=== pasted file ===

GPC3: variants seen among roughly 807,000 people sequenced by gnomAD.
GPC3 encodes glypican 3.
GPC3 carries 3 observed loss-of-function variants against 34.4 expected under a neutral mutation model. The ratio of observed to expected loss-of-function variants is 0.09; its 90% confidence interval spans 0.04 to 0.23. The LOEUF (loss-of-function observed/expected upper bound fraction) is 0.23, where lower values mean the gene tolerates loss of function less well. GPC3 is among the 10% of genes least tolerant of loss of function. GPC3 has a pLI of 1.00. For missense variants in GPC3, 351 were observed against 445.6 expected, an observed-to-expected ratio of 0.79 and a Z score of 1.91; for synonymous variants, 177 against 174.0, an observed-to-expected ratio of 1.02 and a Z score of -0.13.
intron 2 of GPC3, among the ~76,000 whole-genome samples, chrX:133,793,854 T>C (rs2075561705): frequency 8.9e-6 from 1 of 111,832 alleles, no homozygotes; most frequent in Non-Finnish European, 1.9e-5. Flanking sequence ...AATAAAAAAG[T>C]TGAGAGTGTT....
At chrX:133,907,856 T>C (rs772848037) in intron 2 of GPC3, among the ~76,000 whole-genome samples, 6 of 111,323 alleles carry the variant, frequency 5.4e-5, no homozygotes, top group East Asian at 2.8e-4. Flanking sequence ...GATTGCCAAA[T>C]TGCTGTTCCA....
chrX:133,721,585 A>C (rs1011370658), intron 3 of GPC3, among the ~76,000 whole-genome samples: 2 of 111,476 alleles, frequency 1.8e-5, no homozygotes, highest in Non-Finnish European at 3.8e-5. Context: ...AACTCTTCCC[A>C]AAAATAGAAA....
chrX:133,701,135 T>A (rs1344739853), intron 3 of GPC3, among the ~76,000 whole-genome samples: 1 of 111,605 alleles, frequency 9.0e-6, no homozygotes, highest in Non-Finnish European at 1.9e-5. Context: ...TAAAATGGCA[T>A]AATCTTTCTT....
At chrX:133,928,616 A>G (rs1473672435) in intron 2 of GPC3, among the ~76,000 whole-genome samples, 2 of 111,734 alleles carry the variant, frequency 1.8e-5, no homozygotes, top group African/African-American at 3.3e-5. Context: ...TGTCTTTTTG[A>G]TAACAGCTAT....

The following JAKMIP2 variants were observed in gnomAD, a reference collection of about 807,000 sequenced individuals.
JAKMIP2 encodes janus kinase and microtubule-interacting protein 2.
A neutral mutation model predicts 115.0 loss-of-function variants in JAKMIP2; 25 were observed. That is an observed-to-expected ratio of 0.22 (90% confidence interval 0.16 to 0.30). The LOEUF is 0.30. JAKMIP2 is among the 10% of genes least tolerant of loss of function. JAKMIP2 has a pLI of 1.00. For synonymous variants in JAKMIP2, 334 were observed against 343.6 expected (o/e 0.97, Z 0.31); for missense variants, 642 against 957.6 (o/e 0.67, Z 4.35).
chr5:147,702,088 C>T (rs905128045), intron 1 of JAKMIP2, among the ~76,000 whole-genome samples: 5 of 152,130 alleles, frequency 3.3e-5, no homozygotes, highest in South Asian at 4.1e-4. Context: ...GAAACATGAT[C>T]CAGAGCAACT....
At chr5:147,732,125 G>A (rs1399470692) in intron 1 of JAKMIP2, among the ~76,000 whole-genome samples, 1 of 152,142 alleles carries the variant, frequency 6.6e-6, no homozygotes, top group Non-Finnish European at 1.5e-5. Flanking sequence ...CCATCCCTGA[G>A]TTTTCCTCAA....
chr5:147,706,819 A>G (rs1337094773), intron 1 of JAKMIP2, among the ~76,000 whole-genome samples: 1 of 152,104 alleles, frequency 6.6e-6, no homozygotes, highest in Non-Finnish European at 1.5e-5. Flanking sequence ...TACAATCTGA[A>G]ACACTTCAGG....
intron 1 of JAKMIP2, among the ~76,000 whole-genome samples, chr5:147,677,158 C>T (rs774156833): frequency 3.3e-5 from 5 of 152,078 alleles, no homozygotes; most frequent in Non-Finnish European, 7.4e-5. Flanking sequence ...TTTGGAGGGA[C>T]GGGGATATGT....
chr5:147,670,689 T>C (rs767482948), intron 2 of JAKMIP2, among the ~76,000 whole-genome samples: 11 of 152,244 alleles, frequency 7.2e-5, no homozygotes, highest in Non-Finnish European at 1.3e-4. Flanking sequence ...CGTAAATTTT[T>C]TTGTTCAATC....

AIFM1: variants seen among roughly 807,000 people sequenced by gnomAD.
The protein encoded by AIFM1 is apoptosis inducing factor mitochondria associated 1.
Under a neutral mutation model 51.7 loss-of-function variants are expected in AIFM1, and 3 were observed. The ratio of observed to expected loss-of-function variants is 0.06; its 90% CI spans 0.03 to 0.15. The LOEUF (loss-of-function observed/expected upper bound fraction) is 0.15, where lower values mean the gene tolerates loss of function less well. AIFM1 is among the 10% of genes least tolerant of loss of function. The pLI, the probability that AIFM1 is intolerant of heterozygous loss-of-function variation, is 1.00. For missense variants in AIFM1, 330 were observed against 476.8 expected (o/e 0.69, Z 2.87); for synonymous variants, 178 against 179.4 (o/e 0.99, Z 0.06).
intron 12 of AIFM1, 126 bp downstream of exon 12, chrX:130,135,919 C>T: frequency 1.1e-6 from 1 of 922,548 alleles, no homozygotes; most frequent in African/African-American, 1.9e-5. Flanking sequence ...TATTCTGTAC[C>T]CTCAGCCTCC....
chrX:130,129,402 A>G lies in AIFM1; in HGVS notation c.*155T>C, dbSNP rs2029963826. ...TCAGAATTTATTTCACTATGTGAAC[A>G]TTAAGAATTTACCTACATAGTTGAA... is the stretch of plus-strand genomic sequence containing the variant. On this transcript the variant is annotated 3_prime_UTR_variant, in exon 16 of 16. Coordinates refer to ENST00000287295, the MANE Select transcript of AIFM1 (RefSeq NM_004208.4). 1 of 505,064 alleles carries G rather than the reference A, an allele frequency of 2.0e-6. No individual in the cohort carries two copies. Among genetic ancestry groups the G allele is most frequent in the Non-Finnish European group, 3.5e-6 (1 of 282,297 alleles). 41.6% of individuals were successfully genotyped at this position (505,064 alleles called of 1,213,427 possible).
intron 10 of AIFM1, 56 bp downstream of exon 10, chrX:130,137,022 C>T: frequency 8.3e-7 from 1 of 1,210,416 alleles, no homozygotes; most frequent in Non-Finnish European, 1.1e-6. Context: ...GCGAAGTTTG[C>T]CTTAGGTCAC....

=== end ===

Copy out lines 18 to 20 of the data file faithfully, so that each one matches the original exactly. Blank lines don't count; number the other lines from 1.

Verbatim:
The protein encoded by AIFM1 is apoptosis inducing factor mitochondria associated 1.
Under a neutral mutation model 51.7 loss-of-function variants are expected in AIFM1, and 3 were observed. The ratio of observed to expected loss-of-function variants is 0.06; its 90% CI spans 0.03 to 0.15. The LOEUF (loss-of-function observed/expected upper bound fraction) is 0.15, where lower values mean the gene tolerates loss of function less well. AIFM1 is among the 10% of genes least tolerant of loss of function. The pLI, the probability that AIFM1 is intolerant of heterozygous loss-of-function variation, is 1.00. For missense variants in AIFM1, 330 were observed against 476.8 expected (o/e 0.69, Z 2.87); for synonymous variants, 178 against 179.4 (o/e 0.99, Z 0.06).
intron 12 of AIFM1, 126 bp downstream of exon 12, chrX:130,135,919 C>T: frequency 1.1e-6 from 1 of 922,548 alleles, no homozygotes; most frequent in African/African-American, 1.9e-5. Flanking sequence ...TATTCTGTAC[C>T]CTCAGCCTCC....